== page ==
Ninety years ago today on 31st May 1916, two Chailey men, Sidney Bristow and Cecil Langridge, lost their lives when HMS Invincible was sunk during the Battle of Jutland.
Sidney George Augustus Bristow enlisted with the Royal Navy on 12th May 1915, two weeks before his twentieth birthday. He gave his place of birth as Lewes and his occupation as blacksmith. He was five feet, five and a half inches tall, had brown hair, brown eyes and a fair complexion. It was noted that he had a mark on his right leg caused by the removal of a varicose vein. Sidney enlisted for the duration of the war; his number was M13255 and his rating was Blacksmith’s Mate.
He was stationed at Portsmouth (HMS Victory II) between 12th May and 5th June 1915 and then at HMS Fisgard between 6th June and 12th November. On 13th November he joined HMS Invincible.
Cecil Langridge enlisted with the Royal Navy on 24th July 1915. He obviously indicated that he wished to serve for a period of twelve years because on his record it indicates “15 August 1917 - 12 years”. The date would have been Cecil Langridge’s 18th birthday. Sadly, he had already been dead for over a year by then.
On joining it was noted that Cecil was five feet, six and a half inches tall, had brown hair, grey eyes and a fresh complexion. He gave his occupation as assistant gardener. He was given the number J42643 and posted to HMS Ganges, a shore-based boys’ training establishment at Shotley. His rating was boy, 2nd class. On 21st January 1916, still at Shotley, he was promoted to the rating of boy, 1st class and then, on 29th January, spent three days at Portsmouth before being transferred to HMS Invincible.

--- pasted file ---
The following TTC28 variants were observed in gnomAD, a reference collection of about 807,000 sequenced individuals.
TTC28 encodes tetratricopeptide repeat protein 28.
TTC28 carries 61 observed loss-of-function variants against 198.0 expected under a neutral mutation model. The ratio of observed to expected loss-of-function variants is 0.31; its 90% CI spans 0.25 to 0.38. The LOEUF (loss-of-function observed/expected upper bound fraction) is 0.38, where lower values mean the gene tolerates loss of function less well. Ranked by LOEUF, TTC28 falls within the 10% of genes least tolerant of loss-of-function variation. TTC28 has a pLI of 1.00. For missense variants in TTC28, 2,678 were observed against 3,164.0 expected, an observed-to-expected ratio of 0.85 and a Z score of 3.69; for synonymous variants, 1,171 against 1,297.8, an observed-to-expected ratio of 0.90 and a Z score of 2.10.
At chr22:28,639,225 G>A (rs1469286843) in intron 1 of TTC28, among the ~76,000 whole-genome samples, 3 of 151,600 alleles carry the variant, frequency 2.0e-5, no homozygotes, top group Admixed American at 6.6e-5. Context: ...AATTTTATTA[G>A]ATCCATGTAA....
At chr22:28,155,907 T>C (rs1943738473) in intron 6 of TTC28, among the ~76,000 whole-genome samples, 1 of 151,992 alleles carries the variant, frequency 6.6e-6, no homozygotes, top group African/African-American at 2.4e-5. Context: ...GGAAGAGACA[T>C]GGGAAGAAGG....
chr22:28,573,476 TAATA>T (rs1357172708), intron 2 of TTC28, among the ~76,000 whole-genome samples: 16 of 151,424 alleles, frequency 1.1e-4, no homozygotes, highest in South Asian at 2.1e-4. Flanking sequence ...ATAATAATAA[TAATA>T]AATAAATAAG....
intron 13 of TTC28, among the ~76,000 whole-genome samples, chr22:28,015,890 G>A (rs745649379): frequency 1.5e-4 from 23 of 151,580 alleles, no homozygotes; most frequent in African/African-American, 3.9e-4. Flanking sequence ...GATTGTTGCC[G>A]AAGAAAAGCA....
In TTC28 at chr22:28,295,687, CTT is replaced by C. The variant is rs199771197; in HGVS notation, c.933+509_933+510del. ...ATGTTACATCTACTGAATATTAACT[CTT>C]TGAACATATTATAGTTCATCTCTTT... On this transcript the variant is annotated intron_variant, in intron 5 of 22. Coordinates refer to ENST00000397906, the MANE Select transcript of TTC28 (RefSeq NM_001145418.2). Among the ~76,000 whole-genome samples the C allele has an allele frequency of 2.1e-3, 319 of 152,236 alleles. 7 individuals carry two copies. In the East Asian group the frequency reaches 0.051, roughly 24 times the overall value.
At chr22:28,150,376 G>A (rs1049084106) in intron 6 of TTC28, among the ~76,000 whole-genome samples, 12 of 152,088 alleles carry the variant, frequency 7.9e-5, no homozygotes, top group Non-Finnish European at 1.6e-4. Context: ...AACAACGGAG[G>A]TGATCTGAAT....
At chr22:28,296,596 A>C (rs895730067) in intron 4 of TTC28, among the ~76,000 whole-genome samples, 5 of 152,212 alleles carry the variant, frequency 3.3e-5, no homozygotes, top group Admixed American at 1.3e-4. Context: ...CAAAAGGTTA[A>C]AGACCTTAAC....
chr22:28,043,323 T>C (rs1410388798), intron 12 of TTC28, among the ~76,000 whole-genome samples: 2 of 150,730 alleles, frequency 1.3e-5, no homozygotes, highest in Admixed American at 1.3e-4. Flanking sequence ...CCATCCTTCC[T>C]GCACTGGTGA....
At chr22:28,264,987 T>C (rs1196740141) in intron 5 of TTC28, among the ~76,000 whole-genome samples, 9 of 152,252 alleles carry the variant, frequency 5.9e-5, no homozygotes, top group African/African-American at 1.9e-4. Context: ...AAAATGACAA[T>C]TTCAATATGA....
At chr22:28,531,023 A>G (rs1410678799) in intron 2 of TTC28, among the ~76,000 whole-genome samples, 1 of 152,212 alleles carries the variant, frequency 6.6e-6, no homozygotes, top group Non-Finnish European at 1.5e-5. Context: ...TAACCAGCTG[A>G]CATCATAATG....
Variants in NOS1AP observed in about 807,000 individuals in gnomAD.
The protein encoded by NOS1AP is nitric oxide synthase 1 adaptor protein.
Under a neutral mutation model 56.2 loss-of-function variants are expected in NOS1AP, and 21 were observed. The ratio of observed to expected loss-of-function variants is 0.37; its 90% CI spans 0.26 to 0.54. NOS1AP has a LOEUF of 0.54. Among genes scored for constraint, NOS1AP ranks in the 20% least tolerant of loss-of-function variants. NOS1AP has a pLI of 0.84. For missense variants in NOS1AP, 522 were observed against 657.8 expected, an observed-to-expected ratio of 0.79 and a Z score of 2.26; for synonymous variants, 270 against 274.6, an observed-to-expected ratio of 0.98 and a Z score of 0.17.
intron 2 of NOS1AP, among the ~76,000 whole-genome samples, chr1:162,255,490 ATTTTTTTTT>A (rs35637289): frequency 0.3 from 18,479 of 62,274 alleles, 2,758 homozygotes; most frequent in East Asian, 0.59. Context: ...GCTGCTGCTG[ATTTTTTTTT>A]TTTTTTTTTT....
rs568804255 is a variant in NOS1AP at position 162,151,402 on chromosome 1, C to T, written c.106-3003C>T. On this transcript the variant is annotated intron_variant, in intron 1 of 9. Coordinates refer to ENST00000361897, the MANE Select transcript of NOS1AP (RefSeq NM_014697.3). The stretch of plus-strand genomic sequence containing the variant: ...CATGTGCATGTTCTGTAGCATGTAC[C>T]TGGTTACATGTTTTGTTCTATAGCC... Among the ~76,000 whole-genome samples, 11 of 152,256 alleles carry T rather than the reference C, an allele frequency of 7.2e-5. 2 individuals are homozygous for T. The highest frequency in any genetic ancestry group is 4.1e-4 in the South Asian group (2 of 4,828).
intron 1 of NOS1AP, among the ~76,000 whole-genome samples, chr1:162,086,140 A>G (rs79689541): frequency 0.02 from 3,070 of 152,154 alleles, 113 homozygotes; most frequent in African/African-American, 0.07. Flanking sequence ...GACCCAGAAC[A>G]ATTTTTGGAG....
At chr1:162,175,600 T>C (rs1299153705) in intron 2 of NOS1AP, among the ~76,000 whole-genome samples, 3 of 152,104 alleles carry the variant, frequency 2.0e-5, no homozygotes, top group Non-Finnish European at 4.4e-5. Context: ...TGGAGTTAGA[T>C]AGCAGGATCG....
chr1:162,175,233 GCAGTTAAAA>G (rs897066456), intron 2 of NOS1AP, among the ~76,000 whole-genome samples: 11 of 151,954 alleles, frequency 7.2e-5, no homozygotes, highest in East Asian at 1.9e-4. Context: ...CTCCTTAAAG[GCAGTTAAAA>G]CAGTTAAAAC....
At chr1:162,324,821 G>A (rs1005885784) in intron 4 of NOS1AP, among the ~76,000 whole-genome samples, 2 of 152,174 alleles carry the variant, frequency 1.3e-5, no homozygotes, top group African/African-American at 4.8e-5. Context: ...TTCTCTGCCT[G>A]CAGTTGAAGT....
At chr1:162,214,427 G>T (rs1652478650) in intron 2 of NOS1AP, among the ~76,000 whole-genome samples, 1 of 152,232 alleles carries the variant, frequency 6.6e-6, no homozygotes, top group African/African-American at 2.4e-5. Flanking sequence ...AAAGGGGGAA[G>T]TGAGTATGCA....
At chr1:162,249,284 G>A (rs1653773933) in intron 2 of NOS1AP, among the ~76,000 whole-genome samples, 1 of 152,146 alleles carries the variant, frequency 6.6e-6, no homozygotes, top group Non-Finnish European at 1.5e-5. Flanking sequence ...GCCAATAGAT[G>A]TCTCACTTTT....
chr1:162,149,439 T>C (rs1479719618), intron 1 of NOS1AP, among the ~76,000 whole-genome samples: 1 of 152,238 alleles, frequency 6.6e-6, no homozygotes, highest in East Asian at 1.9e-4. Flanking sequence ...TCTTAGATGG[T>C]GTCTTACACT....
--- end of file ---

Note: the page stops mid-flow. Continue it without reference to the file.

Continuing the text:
Above, Cecil's brother Albert, sister Ethel and father George, circa 1915
HMS Invincible was built by Sir W G Armstrong, Whitworth & Co Ltd. She was laid down at Elswick, Newcastle on Tyne in April 1906 and completed in March 1909 at a cost of £1,767,515. Before Bristow joined her she had already taken part in the Battle of The Falkland Islands on 8th December 1914 where the British Fleet had sunk the German armoured cruisers Scharnhorst and Gneisenau. Although hit twenty two times during the engagement she suffered no fatalities and returned to Gibraltar where she was re-fitted in January and February of the following year. At Jutland on 31st May, she was hit by a shell at 6.33pm which scored a direct hit on Q Turret and there was an almost instantaneous explosion that blew Invincible in half. She sank within a few minutes.
There were only six survivors, Sidney Bristow and Cecil Langridge were numbered amongst the 1,021 crew members who lost their lives on Invincible that day. The newspaper cutting above, notes that Cecil was the second son of Mr and Mrs G Langridge and that Cecil had worked at the Post Office for a year. Ironically, as the newspaper reports, he was to have served aboard HMS Indefatigable but chose instead to serve aboard HMS Invincible to be with his chum, Stephen Curd. The Commonwealth War Graves Commission records that Stephen was also 16 years of age and was the son of Frederick and Charlotte Curd, of 2, De Montfort Rd., Brighton. (Incidentally, his birth was registered as STEPHEN rather than STEVEN).
Today, ninety years later, we remember Sidney Bristow, Cecil Langridge, Stephen Curd and all of their comrades aboard HMS Invincible.
My thanks to Hazel Dean and Roger Langridge for permission to reproduce the two images on this blog post.